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First wave of Tamil refugees ordered held in detention at hearings

Aug 20, 2010 12:27:56 AM- transcurrents.com

by Clare Ogilvie

The first wave of Tamil refugees to have completed their first immigration hearings will remain in detention for now, the Immigration and Refugee Board of Canada ruled Tuesday.


Katpana Nagendra (right) talks to the media outside the refugee hearings in Vancouver on Tuesday. Darshika Selvasivan is on the left.
Photograph courtesy of: Wayne Leidenfrost, PNG

The first wave of Tamil refugees to have completed their first immigration hearings will remain in detention for now, the Immigration and Refugee Board of Canada ruled Tuesday.

In all, 75 of the 492 refugee claimants who arrived on the MV Sun Sea on Aug 13 had hearings Tuesday.

The first to appear was a young woman who braved the three-month voyage to reach family in Toronto. She travelled to Canada with her mother, father and brother.

“I ... order that [she] continue to be held on the grounds that her identity has not been established,” IRB member Leeann King said Tuesday.

King heard that the claimant has turned over her original birth certificate and national identity papers to Canadian officials. She has also had one short interview.

But due to the large number of claimants, it will likely take some time for the government to analyze the documents, the IRB heard.

Extra immigration staff have been called in to help deal with the claimants and the immigration process, the IRB was told.

Detainees are being photographed and fingerprinted. Their personal belongings are being held by officials and are being catalogued and analyzed as well.

All the claimants Tuesday at the IRB office in Vancouver were woman, some the mothers of children they brought with them. All wore over-sized hunter-green sweatshirts and grey track pants, their long dark hair held up with a large, tan-coloured rubber bands.

The diminutive women were led into the hearing room in handcuffs.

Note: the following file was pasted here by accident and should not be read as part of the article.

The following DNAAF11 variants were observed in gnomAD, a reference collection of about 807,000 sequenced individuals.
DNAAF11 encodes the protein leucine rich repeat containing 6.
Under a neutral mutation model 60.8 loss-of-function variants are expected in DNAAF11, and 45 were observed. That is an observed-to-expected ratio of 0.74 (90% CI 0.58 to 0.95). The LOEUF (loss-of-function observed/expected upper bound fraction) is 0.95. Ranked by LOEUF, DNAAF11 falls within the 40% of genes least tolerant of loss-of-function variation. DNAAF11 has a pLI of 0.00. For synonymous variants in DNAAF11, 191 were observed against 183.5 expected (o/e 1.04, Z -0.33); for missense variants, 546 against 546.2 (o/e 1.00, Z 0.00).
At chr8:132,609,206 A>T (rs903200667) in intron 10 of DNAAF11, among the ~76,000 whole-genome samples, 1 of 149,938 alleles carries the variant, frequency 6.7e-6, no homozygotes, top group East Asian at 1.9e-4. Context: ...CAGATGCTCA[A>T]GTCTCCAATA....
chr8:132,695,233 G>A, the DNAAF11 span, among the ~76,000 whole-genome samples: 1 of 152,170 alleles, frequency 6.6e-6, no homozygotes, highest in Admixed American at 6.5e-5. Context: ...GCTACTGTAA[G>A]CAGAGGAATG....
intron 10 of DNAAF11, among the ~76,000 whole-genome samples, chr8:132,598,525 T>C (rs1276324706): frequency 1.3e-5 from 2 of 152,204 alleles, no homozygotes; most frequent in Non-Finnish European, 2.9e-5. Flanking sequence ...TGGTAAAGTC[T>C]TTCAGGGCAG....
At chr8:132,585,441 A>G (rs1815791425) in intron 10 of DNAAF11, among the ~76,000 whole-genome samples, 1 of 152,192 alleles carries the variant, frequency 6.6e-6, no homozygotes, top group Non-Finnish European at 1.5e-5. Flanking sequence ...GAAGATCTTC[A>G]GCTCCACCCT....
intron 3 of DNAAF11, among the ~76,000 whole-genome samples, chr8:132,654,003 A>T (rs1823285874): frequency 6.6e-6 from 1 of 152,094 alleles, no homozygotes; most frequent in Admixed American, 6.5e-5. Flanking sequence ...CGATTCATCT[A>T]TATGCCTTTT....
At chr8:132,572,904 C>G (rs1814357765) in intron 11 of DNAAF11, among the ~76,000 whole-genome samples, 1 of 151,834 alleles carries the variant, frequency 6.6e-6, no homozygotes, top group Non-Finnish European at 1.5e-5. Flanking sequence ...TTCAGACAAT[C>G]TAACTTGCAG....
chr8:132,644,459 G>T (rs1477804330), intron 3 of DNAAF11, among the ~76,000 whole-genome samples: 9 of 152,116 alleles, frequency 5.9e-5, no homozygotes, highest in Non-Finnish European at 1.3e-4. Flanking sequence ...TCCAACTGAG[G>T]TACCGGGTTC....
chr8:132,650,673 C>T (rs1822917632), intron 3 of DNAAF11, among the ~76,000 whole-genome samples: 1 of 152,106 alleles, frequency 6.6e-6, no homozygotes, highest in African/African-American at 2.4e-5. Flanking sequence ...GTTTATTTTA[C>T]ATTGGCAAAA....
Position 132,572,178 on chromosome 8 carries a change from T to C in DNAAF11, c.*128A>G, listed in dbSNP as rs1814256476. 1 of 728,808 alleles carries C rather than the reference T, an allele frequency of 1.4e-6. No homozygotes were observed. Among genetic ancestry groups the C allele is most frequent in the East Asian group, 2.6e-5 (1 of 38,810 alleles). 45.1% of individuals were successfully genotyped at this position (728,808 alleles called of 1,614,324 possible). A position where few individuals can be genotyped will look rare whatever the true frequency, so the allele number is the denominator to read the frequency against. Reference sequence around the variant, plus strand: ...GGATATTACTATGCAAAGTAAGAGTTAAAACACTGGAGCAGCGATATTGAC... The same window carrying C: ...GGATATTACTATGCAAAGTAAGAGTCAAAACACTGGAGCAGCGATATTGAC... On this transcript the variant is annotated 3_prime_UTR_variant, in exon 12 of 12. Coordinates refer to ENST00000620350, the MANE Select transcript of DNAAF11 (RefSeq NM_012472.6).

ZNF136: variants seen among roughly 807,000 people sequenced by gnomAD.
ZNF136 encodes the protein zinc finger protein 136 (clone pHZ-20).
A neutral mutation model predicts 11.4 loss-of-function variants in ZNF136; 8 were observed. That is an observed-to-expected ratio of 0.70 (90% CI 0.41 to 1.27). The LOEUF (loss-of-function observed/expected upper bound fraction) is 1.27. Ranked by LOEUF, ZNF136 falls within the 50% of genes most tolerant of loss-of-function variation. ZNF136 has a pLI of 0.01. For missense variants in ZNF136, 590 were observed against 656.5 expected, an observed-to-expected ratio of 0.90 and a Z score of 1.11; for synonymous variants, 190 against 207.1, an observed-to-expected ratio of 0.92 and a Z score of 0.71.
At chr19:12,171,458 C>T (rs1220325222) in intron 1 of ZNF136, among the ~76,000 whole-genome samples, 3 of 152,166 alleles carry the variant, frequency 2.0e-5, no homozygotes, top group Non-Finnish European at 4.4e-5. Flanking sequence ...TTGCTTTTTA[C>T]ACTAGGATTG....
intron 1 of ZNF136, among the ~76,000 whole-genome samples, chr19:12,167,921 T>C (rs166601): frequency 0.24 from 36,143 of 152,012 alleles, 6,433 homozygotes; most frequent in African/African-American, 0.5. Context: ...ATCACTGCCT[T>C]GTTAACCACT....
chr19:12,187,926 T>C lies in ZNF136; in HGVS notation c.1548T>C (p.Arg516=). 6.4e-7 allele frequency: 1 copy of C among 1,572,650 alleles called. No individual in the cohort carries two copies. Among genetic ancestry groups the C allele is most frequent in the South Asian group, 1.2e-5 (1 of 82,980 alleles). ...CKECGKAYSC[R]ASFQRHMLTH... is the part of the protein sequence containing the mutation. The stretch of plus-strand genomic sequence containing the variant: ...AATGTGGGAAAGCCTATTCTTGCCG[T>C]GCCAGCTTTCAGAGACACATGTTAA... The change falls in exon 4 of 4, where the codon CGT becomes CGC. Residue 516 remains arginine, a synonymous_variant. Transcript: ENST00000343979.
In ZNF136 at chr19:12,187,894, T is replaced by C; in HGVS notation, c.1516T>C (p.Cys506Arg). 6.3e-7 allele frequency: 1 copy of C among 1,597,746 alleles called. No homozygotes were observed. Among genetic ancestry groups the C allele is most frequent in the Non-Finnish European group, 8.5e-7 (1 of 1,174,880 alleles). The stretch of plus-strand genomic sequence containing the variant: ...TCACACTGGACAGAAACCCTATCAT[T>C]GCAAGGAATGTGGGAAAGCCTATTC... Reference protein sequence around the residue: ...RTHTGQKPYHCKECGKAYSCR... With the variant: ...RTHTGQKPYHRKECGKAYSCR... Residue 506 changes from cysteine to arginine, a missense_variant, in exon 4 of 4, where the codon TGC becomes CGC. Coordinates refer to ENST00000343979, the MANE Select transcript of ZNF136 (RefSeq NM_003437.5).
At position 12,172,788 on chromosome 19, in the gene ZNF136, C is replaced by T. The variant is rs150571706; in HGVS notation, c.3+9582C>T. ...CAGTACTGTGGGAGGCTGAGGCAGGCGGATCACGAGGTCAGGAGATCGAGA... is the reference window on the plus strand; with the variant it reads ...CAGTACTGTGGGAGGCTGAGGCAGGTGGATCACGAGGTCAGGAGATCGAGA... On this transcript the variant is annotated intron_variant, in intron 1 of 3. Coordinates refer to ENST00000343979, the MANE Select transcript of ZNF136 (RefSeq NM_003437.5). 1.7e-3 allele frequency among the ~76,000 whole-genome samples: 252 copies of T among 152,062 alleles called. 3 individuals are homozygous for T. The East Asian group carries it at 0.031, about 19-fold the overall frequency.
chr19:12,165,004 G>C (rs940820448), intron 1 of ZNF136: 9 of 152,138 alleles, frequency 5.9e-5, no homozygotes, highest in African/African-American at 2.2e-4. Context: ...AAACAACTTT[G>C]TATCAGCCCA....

The names of the claimants cannot be published due to a ruling handed down by King Tuesday morning. It bans the media from printing any information about the claimants that might identify them.

However, the media will be allowed to report on the proceedings.

Normally, hearings are private and closed to the media and public.

Tamil community groups, which had applied to the IRB to be allowed to attend the hearings, will not be allowed to sit in under the same ruling.

That was not welcome news to community representatives.

“We as a community fully respect [the decision],” said Katpana Nagendra of the Transnational Government of Tamil Eelam.

“But our information to date [is that] none of the migrants that are held in the detentions centres have been given phone access to communicate with outside members.

“That is our concern ... and we will be looking into that further to see what we can do to increase that.

“A lot of people have come and said, ‘My family disappeared at the end of May and maybe they are on that boat, can you help me locate them’.”

The hearings for the men were to be held at the Fraser Regional Corrections Centre, where they are being detained.

All are entitled to hearings within seven days of arriving in Canada.

The next set of hearings for these 75 claimants will be held Aug 24.

The Canadian government has said that it suspects members of the Tamil Tigers — a rebel separatist group branded a terrorist organization by Ottawa — were on the ship.

In two letters, the migrants claim to be escaping persecution in the wake of government–led military operations in northern Sri Lanka, which ended in May 2009.

The United Nations has estimated that the fighting killed at least 80,000 civilians during the 25-year conflict and displaced 280,000.

It has been reported that the claimants may have paid as much as $50,000 each to come to Canada.

The hearings continue.

Courtesy: http://www.montrealgazette.com/news/First+wave+Tamil+refugees+ordered+held+detention+hearings/3408977/story.html#ixzz0x7JB0oId